Silver Spring school blends instruction in English, Spanish

By Nelson Hernandez
Washington Post Staff Writer
Monday, November 9, 2009

Whether someone speaks English or Spanish to you at Kemp Mill Elementary School can be a matter of walking a few feet in one direction or another.

The 193 students in the dual-language program at the school in Silver Spring, the only program of its kind in Montgomery County, move between two rooms. In one, English is spoken; in the other, Spanish. On Tuesdays and Thursdays, the Pledge of Allegiance and announcements are in Spanish; on the other days, in English.

Somehow, it works, Principal Floyd Starnes said.

"There have been bilingual programs for years," Starnes said. "The secret is not just to have Spanish-speaking students. The secret is having them together" with English speakers, he said.

The Kemp Mill effort serves as a bilingual program for English-speaking students whose parents want them to learn Spanish and for Spanish speakers who must learn English. The remaining Kemp Mill students attend traditional classes.

In the dual-language program, which accounts for about half of the school's population, it isn't unusual for nearly identical lessons to be taught simultaneously in English and Spanish a short distance apart.

On "Thrilling Thursday" in the kindergarten English group, students shared their news -- one boy talked about going to the store after school -- and then sang a song that the teacher, Barbara Lambert, had written for them.

"Hi there, partner! What do you say?" the children sang. "It's going to be a cold day. Greet your friend and boogie down. Give them a bump and turn around."

A few feet away in Vivian Salazar's Spanish class, the Spanish-speaking children were reading from an illustrated book at the front of the room. "Mi abuela hacia tortillas para mi mamá," the children read aloud: "My grandmother made tortillas for my mother."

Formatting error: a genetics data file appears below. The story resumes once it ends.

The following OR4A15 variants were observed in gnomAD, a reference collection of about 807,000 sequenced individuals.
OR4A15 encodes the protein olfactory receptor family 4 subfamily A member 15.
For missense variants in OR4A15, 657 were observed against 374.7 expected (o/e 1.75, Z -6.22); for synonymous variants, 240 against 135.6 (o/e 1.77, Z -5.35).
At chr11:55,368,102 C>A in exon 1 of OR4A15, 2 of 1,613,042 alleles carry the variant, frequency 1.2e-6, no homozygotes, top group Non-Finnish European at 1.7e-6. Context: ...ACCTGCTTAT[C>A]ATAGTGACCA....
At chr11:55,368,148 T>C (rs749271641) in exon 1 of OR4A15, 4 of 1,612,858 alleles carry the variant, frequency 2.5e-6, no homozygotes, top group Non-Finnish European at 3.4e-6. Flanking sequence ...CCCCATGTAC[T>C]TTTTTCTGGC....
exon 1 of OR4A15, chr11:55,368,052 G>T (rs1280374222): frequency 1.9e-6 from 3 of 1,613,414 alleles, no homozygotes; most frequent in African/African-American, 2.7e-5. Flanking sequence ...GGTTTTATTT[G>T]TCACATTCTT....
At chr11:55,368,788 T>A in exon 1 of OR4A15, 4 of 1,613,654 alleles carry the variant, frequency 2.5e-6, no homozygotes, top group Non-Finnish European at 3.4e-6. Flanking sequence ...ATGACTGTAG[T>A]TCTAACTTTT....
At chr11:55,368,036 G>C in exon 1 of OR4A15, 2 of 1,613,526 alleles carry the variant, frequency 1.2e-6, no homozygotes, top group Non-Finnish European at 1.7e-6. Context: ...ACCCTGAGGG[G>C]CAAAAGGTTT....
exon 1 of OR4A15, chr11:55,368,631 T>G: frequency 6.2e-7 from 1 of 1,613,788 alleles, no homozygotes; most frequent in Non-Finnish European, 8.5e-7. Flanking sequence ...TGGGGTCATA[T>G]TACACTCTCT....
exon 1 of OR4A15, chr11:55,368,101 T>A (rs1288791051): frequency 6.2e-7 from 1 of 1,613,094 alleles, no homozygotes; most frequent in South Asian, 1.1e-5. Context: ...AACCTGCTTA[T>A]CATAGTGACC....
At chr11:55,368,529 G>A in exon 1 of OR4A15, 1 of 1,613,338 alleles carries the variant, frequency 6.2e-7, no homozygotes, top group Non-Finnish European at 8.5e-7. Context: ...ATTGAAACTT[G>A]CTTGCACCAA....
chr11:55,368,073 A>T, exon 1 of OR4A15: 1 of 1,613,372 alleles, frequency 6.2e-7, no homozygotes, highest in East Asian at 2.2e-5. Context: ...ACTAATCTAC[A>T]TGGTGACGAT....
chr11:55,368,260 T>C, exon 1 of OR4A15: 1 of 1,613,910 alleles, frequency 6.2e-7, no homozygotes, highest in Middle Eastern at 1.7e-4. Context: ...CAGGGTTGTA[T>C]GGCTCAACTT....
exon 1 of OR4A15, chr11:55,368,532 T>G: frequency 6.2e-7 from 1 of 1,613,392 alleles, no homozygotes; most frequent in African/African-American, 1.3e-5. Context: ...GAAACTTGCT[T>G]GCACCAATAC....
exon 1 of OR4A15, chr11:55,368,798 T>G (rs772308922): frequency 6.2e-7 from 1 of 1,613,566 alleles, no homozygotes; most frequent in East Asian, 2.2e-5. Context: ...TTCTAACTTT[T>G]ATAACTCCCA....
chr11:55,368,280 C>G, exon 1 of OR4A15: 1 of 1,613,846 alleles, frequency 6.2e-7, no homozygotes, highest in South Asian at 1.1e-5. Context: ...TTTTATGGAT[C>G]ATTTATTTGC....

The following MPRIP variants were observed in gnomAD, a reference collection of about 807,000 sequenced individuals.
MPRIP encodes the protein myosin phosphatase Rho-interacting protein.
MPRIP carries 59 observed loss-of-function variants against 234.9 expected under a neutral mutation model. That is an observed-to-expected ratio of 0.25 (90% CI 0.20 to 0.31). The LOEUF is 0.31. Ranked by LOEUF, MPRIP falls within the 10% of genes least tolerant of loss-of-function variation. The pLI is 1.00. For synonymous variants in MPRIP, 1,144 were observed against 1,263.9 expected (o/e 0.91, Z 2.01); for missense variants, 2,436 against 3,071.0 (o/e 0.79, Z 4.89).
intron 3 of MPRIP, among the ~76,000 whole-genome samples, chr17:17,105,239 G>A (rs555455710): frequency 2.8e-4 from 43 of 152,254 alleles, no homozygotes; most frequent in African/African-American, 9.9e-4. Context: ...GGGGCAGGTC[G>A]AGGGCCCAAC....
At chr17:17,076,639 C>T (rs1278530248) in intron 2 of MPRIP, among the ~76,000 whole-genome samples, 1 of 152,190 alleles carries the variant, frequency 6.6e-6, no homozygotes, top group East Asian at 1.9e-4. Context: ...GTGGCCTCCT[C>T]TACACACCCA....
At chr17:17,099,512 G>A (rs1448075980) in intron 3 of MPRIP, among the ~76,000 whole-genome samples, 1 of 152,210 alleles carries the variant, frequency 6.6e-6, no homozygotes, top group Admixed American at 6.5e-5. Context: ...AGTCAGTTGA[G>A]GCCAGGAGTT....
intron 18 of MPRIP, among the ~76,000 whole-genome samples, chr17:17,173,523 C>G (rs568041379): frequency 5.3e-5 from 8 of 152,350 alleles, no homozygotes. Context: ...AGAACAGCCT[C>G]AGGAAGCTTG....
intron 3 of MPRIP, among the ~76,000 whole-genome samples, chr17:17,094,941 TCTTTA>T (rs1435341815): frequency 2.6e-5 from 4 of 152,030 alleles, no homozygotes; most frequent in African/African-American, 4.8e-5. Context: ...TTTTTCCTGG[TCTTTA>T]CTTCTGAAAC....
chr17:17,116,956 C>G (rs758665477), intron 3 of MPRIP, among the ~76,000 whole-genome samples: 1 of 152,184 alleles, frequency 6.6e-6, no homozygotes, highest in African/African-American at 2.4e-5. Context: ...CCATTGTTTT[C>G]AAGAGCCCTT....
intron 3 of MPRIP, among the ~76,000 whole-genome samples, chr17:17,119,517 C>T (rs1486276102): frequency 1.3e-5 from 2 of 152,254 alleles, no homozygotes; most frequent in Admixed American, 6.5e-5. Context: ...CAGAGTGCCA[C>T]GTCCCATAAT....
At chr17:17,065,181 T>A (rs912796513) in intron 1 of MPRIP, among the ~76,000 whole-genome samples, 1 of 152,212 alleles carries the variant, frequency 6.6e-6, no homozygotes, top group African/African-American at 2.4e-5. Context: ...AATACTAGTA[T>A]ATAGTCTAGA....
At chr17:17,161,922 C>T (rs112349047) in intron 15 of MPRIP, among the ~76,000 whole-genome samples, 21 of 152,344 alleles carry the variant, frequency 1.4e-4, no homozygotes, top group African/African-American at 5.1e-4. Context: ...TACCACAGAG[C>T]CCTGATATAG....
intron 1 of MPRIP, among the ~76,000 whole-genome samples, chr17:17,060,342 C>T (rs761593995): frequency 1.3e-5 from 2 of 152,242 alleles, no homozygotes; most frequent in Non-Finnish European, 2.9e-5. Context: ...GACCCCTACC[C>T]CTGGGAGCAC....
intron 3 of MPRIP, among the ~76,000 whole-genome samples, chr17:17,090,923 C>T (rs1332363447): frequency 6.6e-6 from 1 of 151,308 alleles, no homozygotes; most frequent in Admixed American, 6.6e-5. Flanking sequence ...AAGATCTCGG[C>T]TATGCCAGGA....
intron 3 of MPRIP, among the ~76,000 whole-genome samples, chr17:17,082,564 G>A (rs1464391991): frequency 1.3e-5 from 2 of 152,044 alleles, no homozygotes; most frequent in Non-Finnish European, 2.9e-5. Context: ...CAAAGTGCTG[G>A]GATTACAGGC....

It's easy to forget how difficult learning English can be, even for a native speaker. Some of Kemp Mill's students are learning Spanish and English atop French, Amharic or Chinese.

But when a breakthrough happens, it is a glorious thing.

In Anne Doane's second-grade class, English- and Spanish-speaking students tried to figure out an analogy: "Oak tree is to acorn as pine tree is to ___." A boy compared it to a fruit, which was close. For a Spanish-speaking girl, the word was unfamiliar, but she knew what the answer looked like.

"It is brown," the girl said. "It has scales." So close.

It was based on a shape they'd learned about in math class, Doane hinted.

"Pine cone!" a boy declared, triumphant.

Spanish-speaking students are often quiet in predominantly English classes. But in Salazar's class, they gabbed away in Spanish.

"If you teach them in Spanish, it goes like that," said Alison C. Jefferson, the program's coordinator, snapping her fingers. "If you teach them in English, they run into difficulty."

The theory is that when Spanish speakers learn to read in Spanish first, they gain skills that can translate into learning English.

It's a long-term investment. On early assessments of English reading skills, they often don't perform well. But by the time they hit third grade, when they begin to take the English-only Maryland School Assessment exams, many have caught up.

At a school such as Kemp Mill, where a third of the students are learning English as a second language and two-thirds receive free and reduced-price meals, there is pressure from local and state authorities to do well.

The school reached state standards for academic progress last year, and 85.7 percent of its fifth-graders -- including students not in the dual-language program -- earned proficient scores on the state's reading exam, according to state data. Of the students in the dual-language program, a greater percentage passed, school officials said.

"One of the things I'm most proud of with our program is it's not just for the upper-middle-class parents," Starnes said. "We're seeing neighborhood kids, African American kids . . . a group of kids whose families do not normally access this."

"The bottom line is, we really believe in it," Jefferson said. "We've been trying for years to promote this program for English-language learners."

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